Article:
After the complete sell out and rave reviews that was the first release of the Dead Reckoning Rum, we are so excited to deliver the worldwide launch of Dead Reckoning’s second release to The Tribe: Dead Reckoning Mutiny – South Pacific, and what a rum it is!
Aged for nearly 12 years (11 in ex-Bourbon barrels the South Pacific and 6 months in Cream Apera barrels in Australia) and a single cask limited release of only 400 bottles that will sell out! If you are a rum lover you will want this rum!
The second rum release for the ‘Dead Reckoning’ Rum label from The Rum Tribe rum geek and all-round expert on distilled sugar, Justin Boseley and yet another exclusive release to The Rum Tribe.
Now what we 100% know is that Dead Reckoning Mutiny – South Pacific was aged initially in ‘the Tropics’ for 11 years in an ex-Bourbon Barrel. The South Pacific is known for its tropical warm climate and high humidity which ages spirits in what is called tropical maturation. The tropical ageing is a harsh mistress, however. During that time, a whopping 62% was lost to the Angels.
It was then brought to Adelaide and transferred to a Cream Apera (Australian ‘sherry’ style fortified wine) barrel where it was finished for 6 months and here is where something very peculiar happened. After 6 months of finishing in Adelaide, the ABV actually increased by 4%, which means more water escaped the cask than alcohol did.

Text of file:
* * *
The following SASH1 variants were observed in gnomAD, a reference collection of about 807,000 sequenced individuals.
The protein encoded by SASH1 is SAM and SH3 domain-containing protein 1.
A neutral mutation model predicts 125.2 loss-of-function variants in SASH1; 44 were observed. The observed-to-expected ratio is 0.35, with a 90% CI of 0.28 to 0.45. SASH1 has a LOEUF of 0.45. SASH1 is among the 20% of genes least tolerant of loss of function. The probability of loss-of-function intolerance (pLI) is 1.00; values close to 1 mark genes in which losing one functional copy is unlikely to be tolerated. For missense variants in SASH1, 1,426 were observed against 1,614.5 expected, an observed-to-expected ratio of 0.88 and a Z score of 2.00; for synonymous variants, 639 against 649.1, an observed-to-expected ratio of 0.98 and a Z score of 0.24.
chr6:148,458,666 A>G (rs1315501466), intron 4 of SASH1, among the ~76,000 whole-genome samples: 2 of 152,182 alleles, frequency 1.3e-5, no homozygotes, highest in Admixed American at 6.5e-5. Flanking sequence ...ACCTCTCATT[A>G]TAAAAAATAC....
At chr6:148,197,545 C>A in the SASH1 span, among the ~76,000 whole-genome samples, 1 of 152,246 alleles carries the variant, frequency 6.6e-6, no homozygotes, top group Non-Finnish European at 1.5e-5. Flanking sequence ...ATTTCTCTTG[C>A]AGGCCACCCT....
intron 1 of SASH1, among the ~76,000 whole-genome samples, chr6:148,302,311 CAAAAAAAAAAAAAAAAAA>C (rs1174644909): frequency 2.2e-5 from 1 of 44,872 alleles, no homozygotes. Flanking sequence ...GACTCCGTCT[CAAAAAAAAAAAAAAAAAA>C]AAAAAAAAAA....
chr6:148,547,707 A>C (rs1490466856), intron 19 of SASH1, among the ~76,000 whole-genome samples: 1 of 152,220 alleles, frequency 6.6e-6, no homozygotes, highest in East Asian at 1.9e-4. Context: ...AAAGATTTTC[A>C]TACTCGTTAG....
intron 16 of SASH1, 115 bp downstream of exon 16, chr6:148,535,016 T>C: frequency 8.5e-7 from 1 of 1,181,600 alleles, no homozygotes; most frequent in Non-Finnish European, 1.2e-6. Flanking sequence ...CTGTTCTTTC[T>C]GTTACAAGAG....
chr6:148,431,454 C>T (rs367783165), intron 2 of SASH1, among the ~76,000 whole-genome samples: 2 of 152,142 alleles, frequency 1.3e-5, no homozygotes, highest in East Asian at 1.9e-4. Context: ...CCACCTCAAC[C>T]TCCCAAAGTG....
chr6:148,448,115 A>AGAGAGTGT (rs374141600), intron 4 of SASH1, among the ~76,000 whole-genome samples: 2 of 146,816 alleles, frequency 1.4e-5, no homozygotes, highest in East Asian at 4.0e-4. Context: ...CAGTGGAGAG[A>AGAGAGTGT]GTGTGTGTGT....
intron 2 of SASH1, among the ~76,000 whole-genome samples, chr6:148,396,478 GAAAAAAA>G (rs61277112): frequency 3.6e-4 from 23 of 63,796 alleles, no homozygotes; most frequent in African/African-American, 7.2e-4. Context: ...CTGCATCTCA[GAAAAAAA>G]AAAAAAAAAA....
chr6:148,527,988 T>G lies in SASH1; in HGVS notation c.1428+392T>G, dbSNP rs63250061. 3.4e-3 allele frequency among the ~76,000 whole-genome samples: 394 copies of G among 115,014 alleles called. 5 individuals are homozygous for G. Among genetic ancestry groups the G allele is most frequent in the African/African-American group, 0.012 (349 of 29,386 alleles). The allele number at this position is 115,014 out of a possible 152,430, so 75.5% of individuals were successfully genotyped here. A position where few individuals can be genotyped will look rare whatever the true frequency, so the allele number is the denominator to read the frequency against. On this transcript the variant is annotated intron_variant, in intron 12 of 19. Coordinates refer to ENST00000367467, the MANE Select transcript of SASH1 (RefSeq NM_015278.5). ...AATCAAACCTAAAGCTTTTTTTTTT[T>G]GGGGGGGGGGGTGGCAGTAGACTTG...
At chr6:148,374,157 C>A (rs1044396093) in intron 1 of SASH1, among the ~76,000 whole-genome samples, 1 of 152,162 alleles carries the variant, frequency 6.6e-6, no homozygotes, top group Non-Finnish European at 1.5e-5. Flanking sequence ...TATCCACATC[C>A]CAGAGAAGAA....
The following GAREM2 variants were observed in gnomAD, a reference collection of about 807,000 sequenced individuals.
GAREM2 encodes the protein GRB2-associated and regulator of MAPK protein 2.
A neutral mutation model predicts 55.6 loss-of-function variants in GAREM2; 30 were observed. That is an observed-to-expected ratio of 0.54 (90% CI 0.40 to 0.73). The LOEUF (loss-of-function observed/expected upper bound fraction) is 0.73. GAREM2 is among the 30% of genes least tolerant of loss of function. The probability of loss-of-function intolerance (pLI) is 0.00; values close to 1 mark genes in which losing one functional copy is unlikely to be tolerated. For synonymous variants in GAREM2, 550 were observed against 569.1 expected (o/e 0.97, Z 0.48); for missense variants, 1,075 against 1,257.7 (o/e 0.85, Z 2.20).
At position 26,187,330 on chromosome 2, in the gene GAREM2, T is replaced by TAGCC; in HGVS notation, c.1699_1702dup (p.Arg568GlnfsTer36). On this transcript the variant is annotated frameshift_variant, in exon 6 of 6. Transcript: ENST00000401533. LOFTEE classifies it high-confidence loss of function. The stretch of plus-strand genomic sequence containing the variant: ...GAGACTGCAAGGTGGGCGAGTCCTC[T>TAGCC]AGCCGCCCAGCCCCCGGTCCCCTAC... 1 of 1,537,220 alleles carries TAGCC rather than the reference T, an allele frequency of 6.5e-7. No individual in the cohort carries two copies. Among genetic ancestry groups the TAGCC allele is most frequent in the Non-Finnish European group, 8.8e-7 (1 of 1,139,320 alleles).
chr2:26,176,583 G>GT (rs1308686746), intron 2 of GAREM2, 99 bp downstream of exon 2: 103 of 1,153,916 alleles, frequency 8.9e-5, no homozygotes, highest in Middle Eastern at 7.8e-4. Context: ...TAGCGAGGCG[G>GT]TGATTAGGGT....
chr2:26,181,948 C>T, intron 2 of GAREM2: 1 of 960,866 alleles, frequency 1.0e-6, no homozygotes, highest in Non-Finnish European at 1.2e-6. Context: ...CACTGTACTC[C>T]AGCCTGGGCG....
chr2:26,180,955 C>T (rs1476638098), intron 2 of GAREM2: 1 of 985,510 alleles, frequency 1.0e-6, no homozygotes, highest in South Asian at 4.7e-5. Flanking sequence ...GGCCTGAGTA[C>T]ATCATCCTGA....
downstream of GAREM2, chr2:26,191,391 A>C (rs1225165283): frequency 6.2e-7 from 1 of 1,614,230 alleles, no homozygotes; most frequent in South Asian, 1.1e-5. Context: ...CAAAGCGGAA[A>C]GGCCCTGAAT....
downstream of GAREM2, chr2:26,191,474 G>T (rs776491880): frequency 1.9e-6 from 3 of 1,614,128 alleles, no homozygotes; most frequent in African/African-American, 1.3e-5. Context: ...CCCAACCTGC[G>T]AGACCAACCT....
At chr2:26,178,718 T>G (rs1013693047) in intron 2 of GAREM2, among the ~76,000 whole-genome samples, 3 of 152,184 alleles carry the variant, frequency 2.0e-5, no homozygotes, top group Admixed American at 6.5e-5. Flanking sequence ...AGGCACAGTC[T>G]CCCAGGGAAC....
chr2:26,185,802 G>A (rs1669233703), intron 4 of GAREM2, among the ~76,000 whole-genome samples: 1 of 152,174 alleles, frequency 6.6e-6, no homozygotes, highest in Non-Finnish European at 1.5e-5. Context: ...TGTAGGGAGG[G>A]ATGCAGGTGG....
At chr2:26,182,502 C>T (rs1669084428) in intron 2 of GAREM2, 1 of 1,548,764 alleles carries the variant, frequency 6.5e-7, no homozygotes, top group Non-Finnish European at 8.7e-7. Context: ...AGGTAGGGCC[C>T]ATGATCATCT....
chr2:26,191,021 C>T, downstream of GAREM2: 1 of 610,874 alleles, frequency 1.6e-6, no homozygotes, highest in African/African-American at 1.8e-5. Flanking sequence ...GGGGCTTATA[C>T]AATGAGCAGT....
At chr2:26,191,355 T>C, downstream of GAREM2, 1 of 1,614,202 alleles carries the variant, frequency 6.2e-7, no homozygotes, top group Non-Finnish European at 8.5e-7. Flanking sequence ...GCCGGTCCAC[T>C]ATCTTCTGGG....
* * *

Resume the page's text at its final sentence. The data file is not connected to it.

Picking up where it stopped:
So in some parts of Adelaide, it seems, is one of the very few locations in Australia where the ABV in the barrel increases over time as opposed to the tropics where the ABV decreases. This is said to be caused by humidity levels – high humidly = loss or evaporation of the alcohol molecule, low humidity = the water molecule evaporation leaving more of the alcohol molecules. Or so the current and much debated (around many bottles of rum) theory goes.
The Dead Reckoning Online Tasting
In mid July we will be hosting an Dead Reckoning online tasting and cocktail session via Zoom. We will have The Rum Tribe Team, Justin Boseley and other special rum lovers chatting about the Dead Reckoning Mutiny – South Pacific. Keep an eye on our Facebook Page for dates and further information.
Our Tasting Notes:
Nose: WOW – first thing that hits is that unmistakable funk! Man that is pure banana, papaya and pineapple left to go off (just a bit) in the sun! Deliciously over-ripe fruit and some star anise there as well.
Palate: It’s a deliciously thick and rich – almost syrupy – mouthfeel. An instant hit of raisins then some spice warms the mouth. Waves of tropical fruit alternate with rich spices – very reminiscent of Arnott’s Spicy Fruit Roll biscuits.
Finish: With rolling spiced fruit, mild warmth and lolly-sweet fruit notes that you can chew on for minutes afterwards!
Man this is just sooo good. So many rolling flavours and notes creating a delightfully complex rum that really satisfies from the first sniff to the very end of that huge finish!
FROM DEAD RECKONING
As soon as this bottle is opened, it’s as if you’re taken to a familiar and rewarding back street called funky town. Without the knowledge of its origins your aware you’re in the trewlawny region of Jamaica engulfed by the smells of Hampden and Worthy Park.